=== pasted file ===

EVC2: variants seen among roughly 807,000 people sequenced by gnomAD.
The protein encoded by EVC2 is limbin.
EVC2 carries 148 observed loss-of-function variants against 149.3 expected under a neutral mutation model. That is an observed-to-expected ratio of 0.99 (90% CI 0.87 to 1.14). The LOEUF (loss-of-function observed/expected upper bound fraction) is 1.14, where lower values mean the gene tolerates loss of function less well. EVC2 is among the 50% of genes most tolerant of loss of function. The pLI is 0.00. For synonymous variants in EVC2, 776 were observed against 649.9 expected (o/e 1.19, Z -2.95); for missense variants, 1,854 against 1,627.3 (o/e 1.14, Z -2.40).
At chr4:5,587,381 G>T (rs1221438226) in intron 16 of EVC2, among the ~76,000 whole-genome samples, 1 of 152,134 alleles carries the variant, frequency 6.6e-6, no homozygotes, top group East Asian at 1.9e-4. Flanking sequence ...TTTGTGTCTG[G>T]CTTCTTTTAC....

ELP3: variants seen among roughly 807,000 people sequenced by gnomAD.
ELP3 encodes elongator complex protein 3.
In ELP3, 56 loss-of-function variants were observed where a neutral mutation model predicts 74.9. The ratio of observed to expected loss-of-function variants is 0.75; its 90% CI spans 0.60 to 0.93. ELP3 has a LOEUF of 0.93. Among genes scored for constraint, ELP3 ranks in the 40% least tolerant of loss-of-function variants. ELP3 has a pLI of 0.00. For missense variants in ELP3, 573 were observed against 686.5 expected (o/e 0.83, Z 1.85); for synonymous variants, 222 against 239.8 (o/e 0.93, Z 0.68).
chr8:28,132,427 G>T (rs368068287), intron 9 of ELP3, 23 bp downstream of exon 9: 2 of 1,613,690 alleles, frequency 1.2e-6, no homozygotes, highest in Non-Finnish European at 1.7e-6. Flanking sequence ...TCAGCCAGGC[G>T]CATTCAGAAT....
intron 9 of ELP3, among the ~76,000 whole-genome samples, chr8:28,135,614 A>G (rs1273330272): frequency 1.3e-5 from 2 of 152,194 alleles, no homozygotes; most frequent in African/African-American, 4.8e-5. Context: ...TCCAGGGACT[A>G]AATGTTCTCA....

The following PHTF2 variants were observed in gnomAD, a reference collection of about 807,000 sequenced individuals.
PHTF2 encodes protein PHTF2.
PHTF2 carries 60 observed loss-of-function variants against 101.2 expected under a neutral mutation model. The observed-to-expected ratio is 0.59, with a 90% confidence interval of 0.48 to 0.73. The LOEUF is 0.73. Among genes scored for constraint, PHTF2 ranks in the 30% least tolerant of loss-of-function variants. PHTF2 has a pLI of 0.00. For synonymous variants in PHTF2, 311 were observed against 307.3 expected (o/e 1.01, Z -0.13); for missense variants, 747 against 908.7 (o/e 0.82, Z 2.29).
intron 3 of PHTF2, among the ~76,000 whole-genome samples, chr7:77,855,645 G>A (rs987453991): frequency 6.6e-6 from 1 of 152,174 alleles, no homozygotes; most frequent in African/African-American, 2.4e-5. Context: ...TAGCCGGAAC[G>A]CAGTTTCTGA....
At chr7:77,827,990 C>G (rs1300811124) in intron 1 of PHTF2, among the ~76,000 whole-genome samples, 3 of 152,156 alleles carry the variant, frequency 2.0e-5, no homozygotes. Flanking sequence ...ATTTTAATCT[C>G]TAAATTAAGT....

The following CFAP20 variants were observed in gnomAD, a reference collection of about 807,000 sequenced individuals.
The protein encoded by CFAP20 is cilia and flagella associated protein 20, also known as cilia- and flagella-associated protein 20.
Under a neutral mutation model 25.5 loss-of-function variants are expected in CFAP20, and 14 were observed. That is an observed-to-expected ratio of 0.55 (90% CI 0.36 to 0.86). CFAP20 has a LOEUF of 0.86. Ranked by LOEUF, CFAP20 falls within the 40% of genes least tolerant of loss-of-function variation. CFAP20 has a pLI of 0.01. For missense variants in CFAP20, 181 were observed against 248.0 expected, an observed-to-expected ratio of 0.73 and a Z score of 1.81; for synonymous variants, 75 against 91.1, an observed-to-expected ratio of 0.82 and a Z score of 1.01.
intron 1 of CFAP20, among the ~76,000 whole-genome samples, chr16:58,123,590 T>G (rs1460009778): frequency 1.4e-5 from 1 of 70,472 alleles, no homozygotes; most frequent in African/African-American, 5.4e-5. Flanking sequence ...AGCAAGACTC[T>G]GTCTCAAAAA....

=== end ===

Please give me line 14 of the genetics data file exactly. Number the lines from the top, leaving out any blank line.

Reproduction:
At chr7:77,827,990 C>G (rs1300811124) in intron 1 of PHTF2, among the ~76,000 whole-genome samples, 3 of 152,156 alleles carry the variant, frequency 2.0e-5, no homozygotes. Flanking sequence ...ATTTTAATCT[C>G]TAAATTAAGT....